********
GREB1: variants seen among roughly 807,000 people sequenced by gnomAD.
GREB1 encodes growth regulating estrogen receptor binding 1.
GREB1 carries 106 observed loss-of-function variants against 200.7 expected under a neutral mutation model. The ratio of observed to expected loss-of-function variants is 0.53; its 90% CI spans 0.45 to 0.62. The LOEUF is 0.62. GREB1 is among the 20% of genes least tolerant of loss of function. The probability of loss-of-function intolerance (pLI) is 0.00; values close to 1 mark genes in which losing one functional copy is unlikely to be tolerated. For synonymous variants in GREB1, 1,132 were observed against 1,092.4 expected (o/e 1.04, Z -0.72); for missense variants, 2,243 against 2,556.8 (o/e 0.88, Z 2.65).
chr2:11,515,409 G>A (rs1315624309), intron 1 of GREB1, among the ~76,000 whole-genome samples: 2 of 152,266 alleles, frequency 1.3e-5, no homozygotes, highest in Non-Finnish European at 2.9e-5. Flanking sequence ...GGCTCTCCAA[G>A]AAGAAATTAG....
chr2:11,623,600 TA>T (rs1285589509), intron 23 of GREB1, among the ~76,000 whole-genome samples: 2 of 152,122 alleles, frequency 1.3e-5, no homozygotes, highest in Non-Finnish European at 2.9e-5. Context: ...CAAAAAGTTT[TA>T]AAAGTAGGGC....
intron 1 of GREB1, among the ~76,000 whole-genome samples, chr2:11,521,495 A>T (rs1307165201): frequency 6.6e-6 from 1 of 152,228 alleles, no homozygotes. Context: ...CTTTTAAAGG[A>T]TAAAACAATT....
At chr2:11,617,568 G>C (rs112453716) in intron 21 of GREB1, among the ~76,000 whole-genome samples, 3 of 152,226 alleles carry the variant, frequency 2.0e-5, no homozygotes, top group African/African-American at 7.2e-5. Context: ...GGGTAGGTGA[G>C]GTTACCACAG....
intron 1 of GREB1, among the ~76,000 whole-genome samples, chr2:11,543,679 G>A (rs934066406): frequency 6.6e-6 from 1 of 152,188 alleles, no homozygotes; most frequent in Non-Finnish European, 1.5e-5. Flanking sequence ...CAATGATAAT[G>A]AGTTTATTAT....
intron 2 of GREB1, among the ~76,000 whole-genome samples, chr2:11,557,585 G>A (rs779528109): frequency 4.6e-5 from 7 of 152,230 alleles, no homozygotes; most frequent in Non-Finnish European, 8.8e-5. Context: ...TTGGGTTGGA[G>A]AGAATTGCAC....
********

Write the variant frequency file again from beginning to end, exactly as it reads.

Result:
GREB1: variants seen among roughly 807,000 people sequenced by gnomAD.
GREB1 encodes growth regulating estrogen receptor binding 1.
GREB1 carries 106 observed loss-of-function variants against 200.7 expected under a neutral mutation model. The ratio of observed to expected loss-of-function variants is 0.53; its 90% CI spans 0.45 to 0.62. The LOEUF is 0.62. GREB1 is among the 20% of genes least tolerant of loss of function. The probability of loss-of-function intolerance (pLI) is 0.00; values close to 1 mark genes in which losing one functional copy is unlikely to be tolerated. For synonymous variants in GREB1, 1,132 were observed against 1,092.4 expected (o/e 1.04, Z -0.72); for missense variants, 2,243 against 2,556.8 (o/e 0.88, Z 2.65).
chr2:11,515,409 G>A (rs1315624309), intron 1 of GREB1, among the ~76,000 whole-genome samples: 2 of 152,266 alleles, frequency 1.3e-5, no homozygotes, highest in Non-Finnish European at 2.9e-5. Flanking sequence ...GGCTCTCCAA[G>A]AAGAAATTAG....
chr2:11,623,600 TA>T (rs1285589509), intron 23 of GREB1, among the ~76,000 whole-genome samples: 2 of 152,122 alleles, frequency 1.3e-5, no homozygotes, highest in Non-Finnish European at 2.9e-5. Context: ...CAAAAAGTTT[TA>T]AAAGTAGGGC....
intron 1 of GREB1, among the ~76,000 whole-genome samples, chr2:11,521,495 A>T (rs1307165201): frequency 6.6e-6 from 1 of 152,228 alleles, no homozygotes. Context: ...CTTTTAAAGG[A>T]TAAAACAATT....
At chr2:11,617,568 G>C (rs112453716) in intron 21 of GREB1, among the ~76,000 whole-genome samples, 3 of 152,226 alleles carry the variant, frequency 2.0e-5, no homozygotes, top group African/African-American at 7.2e-5. Context: ...GGGTAGGTGA[G>C]GTTACCACAG....
intron 1 of GREB1, among the ~76,000 whole-genome samples, chr2:11,543,679 G>A (rs934066406): frequency 6.6e-6 from 1 of 152,188 alleles, no homozygotes; most frequent in Non-Finnish European, 1.5e-5. Flanking sequence ...CAATGATAAT[G>A]AGTTTATTAT....
intron 2 of GREB1, among the ~76,000 whole-genome samples, chr2:11,557,585 G>A (rs779528109): frequency 4.6e-5 from 7 of 152,230 alleles, no homozygotes; most frequent in Non-Finnish European, 8.8e-5. Context: ...TTGGGTTGGA[G>A]AGAATTGCAC....